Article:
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Cows, cowboys, cowgirls, and so much mooing

Milked on June 2, 2024.

And then: As suddenly as it came on, it departed. The blockade had been lifted. Like a queef in the night, it vanished. I spun around in happy circles, pweeing madly—until I got dizzy, fell out of my five-legged chair, and started pweeing all over the floor instead. Then I picked myself up and went on a jaunt around town—I in my jauntiest burnt-umber fez, with Becasue in her belliest cowbells.


And there they were in their boviary glory: A gang of aurochs and gazelles covered in goiters, soaked in antifreeze, and eating elderberry-flavored crème brûlée. I knew these were the proto-cows and sub-antelopes I was seeking.

And then: David the Gnome walked in on us, snatched my fez, and departed in a puff of alabasterous smoke! Things were getting stranger. Things were afoot. I raised my hand—were things now ahand?—the smoke cleared. Mooing could be heard off in the distance. Before me stood a bovipomorphic man in a cowboy hat. It wasn’t Rory Calhoun, however. I knew this was the man I was seeking.

I had the sudden urge to look down. My own sciurine form had been replaced… with one strongly boviform. I was no longer a six-foot-tall man–squirrel… I was an auroch myself. I could still taste the antifreeze in the back of my nose. I glanced back up. My bovipomorphic pal—none other than Marshal Moo Montana himself—smiled knowingly. I would never be a man–squirrel again. David the Gnome popped back in, waggled his beard at me, and snatched my new cowboy hat. I gave chase. The man–cow watched us, laughing heartily. David the Gnome again disappeared in a flurry of alabaster. The distant mooing grew louder… closer.

Was I a cowherder? Was my spingly-bongle–ridden surname (“Årp,” you nincompoops!) now “Bouvier”? Was I descended from a long line of French cowherds stretching back to Charlemagne and Marge Simpson? Or was I just a coward? A bee landed on my nose; I ran off screeching like a twelve-year-old girl still in her pigtails.

In petty retribution for making me look like a cow herd, I smashed David the Gnome into the dust. And his little fox, too. Then it dawned on me—those were just ceramic caricatures. The real David the Gnome was alive and well—in a hole in a tree. So I set all the trees ablaze. The trees screamed and protested and shot their acorns at me… but my carefully constructed plate armor protected me. And my fez—which I stole back before setting the world afire.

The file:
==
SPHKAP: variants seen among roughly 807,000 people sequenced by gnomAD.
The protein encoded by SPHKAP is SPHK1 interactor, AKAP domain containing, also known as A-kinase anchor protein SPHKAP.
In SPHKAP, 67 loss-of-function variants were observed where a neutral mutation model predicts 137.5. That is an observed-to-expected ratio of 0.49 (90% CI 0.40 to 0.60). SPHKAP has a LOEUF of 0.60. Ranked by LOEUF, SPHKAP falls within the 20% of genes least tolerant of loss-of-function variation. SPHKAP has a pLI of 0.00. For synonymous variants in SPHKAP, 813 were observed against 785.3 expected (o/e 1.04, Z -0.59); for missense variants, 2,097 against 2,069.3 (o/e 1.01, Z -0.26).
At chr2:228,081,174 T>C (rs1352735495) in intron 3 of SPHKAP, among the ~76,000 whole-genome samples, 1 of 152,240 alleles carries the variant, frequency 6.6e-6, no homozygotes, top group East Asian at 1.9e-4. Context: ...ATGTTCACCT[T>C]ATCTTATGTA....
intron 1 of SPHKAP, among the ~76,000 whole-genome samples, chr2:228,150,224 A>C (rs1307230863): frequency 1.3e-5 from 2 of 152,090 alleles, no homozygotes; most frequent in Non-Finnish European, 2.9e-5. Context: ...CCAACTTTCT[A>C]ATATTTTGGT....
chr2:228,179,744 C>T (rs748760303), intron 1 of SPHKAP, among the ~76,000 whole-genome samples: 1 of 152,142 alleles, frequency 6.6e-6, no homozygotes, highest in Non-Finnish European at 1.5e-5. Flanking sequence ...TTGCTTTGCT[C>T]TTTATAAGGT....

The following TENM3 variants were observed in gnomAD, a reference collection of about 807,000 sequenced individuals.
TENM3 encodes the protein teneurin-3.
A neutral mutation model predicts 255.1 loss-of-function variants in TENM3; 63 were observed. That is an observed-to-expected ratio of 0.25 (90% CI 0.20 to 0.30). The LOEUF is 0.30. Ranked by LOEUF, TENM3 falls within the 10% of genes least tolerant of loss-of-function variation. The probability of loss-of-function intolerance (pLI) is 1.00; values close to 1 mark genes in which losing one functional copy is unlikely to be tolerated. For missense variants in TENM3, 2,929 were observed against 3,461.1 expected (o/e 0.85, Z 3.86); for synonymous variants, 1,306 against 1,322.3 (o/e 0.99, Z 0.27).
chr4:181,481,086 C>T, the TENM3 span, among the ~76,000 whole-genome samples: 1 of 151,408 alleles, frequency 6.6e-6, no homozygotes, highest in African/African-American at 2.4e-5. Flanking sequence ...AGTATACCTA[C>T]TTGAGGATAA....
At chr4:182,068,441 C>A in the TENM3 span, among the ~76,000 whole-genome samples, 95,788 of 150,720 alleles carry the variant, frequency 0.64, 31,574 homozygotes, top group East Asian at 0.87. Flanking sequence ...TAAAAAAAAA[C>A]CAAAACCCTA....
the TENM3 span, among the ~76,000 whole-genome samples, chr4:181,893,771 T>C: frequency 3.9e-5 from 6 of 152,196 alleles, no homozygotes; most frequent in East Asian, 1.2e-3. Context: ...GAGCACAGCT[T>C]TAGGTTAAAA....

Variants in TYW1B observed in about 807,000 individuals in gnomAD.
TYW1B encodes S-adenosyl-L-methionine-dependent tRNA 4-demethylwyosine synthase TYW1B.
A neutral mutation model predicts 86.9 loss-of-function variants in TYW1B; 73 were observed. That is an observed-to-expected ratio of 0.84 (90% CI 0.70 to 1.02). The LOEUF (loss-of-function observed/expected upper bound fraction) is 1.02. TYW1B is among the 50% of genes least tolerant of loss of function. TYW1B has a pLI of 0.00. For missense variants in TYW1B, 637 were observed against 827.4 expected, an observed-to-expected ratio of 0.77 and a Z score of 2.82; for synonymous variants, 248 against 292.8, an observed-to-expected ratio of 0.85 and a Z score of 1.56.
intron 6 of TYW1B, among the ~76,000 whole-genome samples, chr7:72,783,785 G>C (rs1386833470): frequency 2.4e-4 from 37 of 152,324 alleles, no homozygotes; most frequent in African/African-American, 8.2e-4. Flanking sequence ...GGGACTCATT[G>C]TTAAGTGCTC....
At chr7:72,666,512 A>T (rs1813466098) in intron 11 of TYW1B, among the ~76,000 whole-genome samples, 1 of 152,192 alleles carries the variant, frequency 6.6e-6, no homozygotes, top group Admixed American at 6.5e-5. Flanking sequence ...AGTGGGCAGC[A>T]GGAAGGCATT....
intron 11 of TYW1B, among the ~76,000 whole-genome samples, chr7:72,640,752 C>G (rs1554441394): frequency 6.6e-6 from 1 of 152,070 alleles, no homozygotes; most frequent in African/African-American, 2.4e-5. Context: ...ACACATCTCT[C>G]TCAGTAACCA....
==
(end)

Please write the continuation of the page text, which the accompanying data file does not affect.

I snorted and laughed. I laughed and snorted. Marshal Moo Montana chided me for burning down the forest. Then I found myself riding a horse, on my way back to Moo Mesa. My big little redheaded huzzey-muffet was alongside me on her own horse, wearing her finest cowgirl outfit replete with a cowbell necklace, cowbell anklets, and cowbells on her udders. Never had there been a more bovinary sight.

And then: David the Gnome walked in on us. He snatched my fez and every one of Becasue’s cowbells! I gave chase—but who can chase a gnome when he dissipates in a puff of smokey alabaster?

I murped angrily. Everything was suddenly ablaze. This was strangely comforting. The cows were mooing. Blocks of cheese melted and oozed down from the clouds above. No one could stop it. No one could put the cheesefires out.

The Bovinarium was afire now. Explosions rang in the distance. Cheese detonated. Urgent mooing could be heard coming from all directions. The delicious smell of sizzling steaks and melting cheese filled my nostrils. (And trust me: I’ve a lot of nostrils to fill!) Moo Mesa would never be rebuilt. Everything ends in fire and this was no different. Or it freezes to death. Or it gets run over by stampeding cattle. I looked up. And here came a herd of stampeding cattle. And they were afire. This was not going to be my day.

And then: There were turtles. Teratogenic turtles hurling wadded-up slices of flaming pizza at our heads in an attempt to set our hair equally afire. The stampeding herd (of cattle, not turtles) passed over us—a fury of clattering hooves and ringing cowbells. I ducked into a turtle-hole in the ground and was spared the worst of it; I only ended up with part of my skull mashed into a fine pulp when it was all over.

And then: My hair caught afire.